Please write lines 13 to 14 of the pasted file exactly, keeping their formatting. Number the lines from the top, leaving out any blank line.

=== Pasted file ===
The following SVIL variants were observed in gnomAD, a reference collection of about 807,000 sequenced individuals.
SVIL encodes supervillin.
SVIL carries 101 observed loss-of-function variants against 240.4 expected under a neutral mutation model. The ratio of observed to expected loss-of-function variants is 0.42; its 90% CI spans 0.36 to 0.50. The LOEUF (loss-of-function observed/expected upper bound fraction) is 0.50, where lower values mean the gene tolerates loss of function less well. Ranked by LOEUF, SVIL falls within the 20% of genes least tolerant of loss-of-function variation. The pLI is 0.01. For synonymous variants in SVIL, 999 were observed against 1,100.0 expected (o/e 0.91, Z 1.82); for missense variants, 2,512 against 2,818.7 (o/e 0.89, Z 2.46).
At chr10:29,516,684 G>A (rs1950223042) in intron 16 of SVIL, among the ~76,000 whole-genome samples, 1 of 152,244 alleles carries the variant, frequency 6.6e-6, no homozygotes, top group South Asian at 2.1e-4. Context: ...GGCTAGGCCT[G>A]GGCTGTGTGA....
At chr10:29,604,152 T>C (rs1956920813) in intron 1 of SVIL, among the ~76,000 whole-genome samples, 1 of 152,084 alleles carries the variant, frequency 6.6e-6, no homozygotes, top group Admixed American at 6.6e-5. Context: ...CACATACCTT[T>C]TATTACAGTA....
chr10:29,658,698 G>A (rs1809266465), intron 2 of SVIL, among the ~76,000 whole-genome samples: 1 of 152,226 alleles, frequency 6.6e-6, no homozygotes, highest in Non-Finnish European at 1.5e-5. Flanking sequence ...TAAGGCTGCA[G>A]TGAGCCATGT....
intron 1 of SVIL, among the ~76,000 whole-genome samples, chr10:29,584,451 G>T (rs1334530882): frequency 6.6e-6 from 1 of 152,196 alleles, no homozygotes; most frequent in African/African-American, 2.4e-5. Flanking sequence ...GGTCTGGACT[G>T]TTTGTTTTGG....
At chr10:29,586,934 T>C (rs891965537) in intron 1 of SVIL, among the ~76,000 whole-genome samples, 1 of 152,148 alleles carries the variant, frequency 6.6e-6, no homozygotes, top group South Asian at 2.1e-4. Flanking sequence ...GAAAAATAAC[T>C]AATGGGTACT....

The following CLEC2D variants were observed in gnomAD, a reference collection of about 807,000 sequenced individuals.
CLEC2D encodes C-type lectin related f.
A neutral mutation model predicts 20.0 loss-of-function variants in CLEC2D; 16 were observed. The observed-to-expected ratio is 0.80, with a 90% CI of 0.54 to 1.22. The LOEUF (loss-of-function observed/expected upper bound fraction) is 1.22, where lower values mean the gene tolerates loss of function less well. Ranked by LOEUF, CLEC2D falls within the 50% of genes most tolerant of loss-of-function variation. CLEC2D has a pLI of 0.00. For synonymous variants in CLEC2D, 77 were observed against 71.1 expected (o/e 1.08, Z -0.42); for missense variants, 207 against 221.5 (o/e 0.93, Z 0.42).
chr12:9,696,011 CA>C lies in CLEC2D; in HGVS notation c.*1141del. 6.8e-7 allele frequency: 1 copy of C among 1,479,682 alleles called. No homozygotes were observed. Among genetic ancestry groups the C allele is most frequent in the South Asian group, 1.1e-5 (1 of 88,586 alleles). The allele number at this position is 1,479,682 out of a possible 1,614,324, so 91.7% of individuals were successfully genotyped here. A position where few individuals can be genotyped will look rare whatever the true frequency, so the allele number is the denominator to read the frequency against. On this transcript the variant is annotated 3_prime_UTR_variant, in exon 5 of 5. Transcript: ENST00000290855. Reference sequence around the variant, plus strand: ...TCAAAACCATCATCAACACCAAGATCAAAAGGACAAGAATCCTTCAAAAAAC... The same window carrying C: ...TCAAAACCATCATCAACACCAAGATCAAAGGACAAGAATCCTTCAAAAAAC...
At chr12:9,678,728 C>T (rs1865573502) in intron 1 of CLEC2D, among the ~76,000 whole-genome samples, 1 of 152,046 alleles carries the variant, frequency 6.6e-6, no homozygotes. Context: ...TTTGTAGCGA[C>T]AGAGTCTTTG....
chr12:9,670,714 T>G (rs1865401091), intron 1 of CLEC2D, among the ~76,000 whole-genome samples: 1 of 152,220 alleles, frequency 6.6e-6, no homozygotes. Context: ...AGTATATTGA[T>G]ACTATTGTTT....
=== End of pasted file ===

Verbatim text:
At chr12:9,678,728 C>T (rs1865573502) in intron 1 of CLEC2D, among the ~76,000 whole-genome samples, 1 of 152,046 alleles carries the variant, frequency 6.6e-6, no homozygotes. Context: ...TTTGTAGCGA[C>T]AGAGTCTTTG....
chr12:9,670,714 T>G (rs1865401091), intron 1 of CLEC2D, among the ~76,000 whole-genome samples: 1 of 152,220 alleles, frequency 6.6e-6, no homozygotes. Context: ...AGTATATTGA[T>G]ACTATTGTTT....